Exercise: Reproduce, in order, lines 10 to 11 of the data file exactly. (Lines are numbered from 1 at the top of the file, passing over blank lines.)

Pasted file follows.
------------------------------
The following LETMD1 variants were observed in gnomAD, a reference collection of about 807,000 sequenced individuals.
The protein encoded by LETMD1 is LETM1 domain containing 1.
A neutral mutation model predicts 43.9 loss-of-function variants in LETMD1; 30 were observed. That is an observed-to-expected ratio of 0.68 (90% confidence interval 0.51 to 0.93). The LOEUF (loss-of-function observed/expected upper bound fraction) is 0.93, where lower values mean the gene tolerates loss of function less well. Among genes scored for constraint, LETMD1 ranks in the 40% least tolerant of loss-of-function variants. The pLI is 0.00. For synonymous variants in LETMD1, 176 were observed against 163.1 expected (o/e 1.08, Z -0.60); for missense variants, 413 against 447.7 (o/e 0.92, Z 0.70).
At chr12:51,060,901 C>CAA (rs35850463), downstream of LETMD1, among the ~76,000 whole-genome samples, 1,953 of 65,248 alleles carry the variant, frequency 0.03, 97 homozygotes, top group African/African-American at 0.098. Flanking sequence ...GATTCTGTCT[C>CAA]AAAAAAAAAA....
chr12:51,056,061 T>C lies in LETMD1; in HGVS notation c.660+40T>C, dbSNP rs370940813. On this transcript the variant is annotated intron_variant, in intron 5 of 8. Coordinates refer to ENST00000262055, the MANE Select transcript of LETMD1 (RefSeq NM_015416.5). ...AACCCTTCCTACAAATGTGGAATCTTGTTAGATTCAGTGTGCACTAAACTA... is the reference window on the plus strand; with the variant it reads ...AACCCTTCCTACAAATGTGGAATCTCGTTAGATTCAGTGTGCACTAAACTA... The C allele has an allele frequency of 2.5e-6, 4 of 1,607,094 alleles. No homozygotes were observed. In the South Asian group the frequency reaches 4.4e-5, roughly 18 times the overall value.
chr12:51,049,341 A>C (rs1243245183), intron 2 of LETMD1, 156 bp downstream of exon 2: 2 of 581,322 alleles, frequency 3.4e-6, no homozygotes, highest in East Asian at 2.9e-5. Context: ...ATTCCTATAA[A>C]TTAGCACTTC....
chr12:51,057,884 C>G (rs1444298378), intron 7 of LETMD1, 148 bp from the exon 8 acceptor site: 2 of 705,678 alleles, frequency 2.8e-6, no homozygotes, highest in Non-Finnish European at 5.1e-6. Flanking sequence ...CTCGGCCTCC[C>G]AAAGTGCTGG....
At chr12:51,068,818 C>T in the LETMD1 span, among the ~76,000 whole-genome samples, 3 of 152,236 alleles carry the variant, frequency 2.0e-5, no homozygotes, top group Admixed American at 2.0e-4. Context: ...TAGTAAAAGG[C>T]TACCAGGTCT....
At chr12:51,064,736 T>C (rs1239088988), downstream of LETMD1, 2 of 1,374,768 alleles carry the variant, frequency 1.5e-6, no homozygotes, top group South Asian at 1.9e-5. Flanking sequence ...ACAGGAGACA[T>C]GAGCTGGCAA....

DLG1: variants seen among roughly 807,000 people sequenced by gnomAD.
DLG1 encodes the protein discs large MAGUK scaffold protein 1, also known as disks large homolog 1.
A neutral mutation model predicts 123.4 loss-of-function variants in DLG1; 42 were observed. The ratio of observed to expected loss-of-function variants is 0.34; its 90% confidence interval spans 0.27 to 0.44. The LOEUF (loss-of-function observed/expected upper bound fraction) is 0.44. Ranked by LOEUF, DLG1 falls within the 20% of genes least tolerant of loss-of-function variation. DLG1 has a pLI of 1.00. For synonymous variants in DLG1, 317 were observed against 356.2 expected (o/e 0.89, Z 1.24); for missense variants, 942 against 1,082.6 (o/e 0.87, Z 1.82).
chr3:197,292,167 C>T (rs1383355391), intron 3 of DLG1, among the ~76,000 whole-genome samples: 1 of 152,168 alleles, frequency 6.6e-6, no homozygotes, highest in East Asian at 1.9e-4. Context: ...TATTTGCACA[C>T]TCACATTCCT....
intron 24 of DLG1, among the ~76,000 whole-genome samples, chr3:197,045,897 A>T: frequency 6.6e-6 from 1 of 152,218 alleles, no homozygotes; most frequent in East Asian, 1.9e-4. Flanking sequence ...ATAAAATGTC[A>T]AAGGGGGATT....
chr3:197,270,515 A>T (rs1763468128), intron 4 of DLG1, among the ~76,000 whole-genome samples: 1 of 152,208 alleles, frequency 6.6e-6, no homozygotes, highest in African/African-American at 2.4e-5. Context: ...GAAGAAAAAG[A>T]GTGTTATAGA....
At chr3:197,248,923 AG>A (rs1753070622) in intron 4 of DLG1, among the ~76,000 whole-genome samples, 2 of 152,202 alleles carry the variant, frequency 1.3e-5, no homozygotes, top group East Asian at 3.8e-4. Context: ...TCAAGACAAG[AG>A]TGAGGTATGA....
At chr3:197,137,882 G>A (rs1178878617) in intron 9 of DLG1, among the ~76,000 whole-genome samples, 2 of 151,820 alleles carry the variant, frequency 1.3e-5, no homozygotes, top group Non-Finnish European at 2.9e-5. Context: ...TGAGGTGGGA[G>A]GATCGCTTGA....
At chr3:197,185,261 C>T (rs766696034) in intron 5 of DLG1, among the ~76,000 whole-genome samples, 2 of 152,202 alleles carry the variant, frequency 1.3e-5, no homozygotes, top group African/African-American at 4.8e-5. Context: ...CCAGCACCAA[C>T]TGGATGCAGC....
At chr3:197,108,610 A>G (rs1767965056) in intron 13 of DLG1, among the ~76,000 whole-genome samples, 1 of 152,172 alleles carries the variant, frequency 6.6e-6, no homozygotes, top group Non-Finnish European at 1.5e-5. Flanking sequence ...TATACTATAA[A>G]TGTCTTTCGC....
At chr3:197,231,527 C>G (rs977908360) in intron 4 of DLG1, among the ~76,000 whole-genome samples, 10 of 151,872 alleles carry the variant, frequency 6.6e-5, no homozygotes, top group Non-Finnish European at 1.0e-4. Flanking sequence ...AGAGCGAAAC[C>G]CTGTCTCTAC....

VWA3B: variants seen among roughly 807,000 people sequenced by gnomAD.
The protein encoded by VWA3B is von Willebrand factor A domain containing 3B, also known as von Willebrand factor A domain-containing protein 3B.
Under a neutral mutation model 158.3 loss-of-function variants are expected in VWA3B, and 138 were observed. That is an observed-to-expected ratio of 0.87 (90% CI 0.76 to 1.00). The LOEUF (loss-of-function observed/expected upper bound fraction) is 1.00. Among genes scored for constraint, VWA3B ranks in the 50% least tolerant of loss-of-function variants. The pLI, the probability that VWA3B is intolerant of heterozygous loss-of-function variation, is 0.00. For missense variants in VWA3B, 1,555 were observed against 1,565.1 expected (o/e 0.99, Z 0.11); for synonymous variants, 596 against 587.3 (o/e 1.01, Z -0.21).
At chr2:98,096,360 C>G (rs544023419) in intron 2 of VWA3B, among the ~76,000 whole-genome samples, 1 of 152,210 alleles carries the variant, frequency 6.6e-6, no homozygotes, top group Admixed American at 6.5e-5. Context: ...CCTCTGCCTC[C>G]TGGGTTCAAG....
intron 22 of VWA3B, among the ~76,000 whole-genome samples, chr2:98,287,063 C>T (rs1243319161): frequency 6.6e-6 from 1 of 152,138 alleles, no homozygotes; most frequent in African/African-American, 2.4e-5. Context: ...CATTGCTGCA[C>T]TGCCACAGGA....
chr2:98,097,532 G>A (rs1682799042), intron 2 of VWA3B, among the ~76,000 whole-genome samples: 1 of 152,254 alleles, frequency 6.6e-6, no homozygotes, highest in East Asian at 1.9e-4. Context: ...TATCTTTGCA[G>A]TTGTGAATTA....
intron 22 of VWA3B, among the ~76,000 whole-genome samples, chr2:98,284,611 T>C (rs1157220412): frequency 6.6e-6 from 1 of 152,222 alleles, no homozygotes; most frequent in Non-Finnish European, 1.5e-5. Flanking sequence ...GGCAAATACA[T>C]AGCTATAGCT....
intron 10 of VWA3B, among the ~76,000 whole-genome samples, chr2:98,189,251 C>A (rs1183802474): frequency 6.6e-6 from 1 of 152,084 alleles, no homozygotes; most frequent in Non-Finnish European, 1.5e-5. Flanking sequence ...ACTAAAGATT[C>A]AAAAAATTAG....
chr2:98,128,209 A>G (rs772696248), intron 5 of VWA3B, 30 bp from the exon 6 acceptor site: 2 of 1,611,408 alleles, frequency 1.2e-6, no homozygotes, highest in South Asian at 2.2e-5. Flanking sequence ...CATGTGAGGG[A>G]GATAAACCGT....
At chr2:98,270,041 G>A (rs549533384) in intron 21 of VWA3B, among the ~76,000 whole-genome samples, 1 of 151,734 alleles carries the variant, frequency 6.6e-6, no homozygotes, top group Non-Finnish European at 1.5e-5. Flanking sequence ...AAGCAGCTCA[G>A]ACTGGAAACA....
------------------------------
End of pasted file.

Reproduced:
DLG1: variants seen among roughly 807,000 people sequenced by gnomAD.
DLG1 encodes the protein discs large MAGUK scaffold protein 1, also known as disks large homolog 1.